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Publication Detail

Title: Patterns of Alternative Tobacco Product Use: Emergence of Hookah and E-cigarettes as Preferred Products Amongst Youth.

Authors: Gilreath, Tamika D; Leventhal, Adam; Barrington-Trimis, Jessica L; Unger, Jennifer B; Cruz, Tess Boley; Berhane, Kiros; Huh, Jimi; Urman, Robert; Wang, Kejia; Howland, Steve; Pentz, Mary Ann; Chou, Chih Ping; McConnell, Rob

Published In J Adolesc Health, (2016 Feb)

Abstract: There is a growing public health concern related to the rapid increase in the use of multiple tobacco products among adolescents. This study examined patterns of adolescent use of cigarettes, e-cigarettes, cigars/cigarillo, hookah/waterpipe, and smokeless/dip/chewing tobacco in a population of southern California adolescents.Data from 2,097 11th- and 12th-grade participants in the Southern California Children's Health Study were collected via self-report in 2014. Study participants were asked about lifetime and current (past 30 days) use of cigarettes, cigars/cigarillos/little cigars, e-cigarettes, hookah/waterpipe, and smokeless/dip/chewing tobacco. Latent class analysis (LCA) was used to identify patterns of tobacco use.Hookah/waterpipe tobacco use had the highest current prevalence (10.7%) followed by e-cigarettes (9.6%). The prevalence of use of smokeless/dip/chewing tobacco was lowest, with 2.2% of adolescents reporting current use. The LCA suggested four distinct classes, comprising nonusers (72.3% of the sample), polytobacco experimenters (13.9%), e-cigarette/hookah users (8.2%), and polytobacco users (5.6%). Multinomial logistic regression based on these four classes found that males had double the odds to be polytobacco users relative to nonusers compared to females (odds ratio, 2.3; 95% confidence interval, 1.26-4.25).By identifying naturally occurring configurations of tobacco product use in teens, these findings may be useful to practitioners and policymakers to identify the need for tobacco control interventions that address specific tobacco products and particular combinations of polytobacco use. LCA can be used to identify segments of the population overrepresented among certain tobacco use classes (e.g., boys) that may benefit most from targeted polyproduct intervention approaches.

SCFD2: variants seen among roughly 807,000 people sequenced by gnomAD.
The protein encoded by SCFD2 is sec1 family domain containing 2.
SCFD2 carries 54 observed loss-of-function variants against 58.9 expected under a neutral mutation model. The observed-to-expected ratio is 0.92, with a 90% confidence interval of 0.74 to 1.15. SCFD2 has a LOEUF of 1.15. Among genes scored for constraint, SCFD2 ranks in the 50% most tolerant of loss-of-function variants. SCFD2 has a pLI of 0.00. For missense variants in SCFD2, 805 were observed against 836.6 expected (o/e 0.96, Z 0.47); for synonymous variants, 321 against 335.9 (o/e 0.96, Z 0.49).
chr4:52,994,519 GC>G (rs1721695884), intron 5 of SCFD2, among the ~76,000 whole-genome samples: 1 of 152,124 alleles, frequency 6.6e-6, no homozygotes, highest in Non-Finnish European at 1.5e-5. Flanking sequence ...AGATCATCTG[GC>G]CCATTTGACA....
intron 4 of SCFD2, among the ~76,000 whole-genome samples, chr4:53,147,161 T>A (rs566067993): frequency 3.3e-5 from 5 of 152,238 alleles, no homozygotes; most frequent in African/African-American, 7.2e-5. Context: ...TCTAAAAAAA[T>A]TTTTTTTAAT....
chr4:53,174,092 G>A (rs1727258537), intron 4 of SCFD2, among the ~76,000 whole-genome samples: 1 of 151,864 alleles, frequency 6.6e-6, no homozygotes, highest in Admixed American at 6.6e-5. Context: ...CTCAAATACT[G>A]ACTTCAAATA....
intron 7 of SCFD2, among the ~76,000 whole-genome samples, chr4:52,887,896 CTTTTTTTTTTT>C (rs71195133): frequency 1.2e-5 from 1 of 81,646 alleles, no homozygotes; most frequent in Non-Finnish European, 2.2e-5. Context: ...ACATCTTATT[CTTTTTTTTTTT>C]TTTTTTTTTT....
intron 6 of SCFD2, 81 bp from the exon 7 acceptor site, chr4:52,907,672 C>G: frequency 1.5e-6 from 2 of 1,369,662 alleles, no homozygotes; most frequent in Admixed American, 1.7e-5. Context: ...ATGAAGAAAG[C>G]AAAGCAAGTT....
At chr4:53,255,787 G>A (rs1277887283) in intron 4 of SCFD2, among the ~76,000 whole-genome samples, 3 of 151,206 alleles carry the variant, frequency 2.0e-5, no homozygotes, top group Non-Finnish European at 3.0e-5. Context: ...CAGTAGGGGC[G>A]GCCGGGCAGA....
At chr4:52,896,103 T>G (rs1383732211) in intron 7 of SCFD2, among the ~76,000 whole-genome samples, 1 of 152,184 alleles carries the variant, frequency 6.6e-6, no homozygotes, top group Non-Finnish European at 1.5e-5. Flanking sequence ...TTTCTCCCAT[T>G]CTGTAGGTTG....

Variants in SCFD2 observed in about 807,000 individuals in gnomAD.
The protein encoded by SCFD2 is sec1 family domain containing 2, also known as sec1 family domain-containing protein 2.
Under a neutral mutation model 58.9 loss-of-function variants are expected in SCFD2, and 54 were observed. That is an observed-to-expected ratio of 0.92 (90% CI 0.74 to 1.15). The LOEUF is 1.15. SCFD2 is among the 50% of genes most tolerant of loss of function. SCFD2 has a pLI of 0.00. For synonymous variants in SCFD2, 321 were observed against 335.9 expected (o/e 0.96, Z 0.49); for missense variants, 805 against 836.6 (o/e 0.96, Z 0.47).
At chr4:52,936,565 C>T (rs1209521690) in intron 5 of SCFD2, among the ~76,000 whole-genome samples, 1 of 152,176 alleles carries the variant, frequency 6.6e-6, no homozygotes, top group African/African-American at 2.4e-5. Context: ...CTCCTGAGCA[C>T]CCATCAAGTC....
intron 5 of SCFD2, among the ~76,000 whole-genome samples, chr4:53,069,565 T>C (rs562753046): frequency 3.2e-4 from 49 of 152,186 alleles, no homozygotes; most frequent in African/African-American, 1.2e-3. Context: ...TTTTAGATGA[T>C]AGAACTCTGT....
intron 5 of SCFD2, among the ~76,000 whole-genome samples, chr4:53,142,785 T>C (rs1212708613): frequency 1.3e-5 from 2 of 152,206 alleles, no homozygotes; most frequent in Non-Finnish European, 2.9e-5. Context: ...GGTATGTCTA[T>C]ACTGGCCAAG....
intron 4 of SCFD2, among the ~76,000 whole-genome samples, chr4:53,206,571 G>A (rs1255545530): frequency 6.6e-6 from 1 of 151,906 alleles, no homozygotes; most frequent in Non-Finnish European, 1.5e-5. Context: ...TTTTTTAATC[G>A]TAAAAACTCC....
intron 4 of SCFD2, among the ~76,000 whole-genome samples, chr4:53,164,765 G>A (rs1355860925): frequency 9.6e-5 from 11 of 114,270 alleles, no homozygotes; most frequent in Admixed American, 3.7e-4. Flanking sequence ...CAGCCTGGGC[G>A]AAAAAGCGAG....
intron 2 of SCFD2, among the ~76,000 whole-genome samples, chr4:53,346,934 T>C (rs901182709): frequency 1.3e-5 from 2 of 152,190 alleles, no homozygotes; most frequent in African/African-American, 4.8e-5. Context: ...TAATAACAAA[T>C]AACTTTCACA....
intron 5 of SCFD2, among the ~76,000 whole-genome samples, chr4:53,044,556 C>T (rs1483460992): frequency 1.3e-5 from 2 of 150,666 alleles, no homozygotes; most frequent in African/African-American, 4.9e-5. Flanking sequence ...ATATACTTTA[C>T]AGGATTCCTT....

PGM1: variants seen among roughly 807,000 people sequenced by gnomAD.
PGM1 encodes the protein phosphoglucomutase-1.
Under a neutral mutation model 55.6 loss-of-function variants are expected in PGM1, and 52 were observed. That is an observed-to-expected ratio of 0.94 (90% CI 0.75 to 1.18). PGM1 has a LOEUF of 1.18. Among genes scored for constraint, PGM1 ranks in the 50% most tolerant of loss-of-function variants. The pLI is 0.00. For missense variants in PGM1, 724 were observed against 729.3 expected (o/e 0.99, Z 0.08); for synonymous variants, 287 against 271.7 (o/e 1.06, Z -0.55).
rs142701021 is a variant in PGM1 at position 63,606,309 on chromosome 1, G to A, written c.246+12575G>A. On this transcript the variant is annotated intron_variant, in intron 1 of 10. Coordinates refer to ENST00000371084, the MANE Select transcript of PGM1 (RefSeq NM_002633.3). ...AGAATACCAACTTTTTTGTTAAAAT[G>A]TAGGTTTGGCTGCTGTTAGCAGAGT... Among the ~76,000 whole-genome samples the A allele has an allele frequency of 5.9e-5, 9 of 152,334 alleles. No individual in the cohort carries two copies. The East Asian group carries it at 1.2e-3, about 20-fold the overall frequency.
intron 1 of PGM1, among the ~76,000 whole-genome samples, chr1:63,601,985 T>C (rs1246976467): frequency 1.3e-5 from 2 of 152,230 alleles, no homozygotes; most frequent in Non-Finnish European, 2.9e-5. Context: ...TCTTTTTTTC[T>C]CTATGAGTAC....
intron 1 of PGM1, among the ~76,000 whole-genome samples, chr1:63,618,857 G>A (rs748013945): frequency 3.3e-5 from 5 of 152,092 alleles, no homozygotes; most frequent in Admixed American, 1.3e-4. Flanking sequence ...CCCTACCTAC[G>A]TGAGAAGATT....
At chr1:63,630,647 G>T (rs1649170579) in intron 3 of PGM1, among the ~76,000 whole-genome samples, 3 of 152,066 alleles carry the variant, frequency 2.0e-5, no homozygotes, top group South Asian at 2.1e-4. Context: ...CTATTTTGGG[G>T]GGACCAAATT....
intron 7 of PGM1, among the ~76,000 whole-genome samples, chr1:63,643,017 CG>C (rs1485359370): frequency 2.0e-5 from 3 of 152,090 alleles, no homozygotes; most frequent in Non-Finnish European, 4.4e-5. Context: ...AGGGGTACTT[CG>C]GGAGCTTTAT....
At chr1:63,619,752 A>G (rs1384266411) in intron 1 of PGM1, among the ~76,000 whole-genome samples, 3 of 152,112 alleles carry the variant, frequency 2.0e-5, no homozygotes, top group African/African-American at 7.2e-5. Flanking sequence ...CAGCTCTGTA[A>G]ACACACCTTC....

PubMed ID: 26598059 Exiting the NIEHS site

MeSH Terms: Adolescent; Adolescent Behavior*; California/epidemiology; Electronic Nicotine Delivery Systems/utilization*; Female; Humans; Male; Prevalence; Risk Factors; Self Report; Sex Factors; Smoking/epidemiology*; Tobacco Products/utilization*

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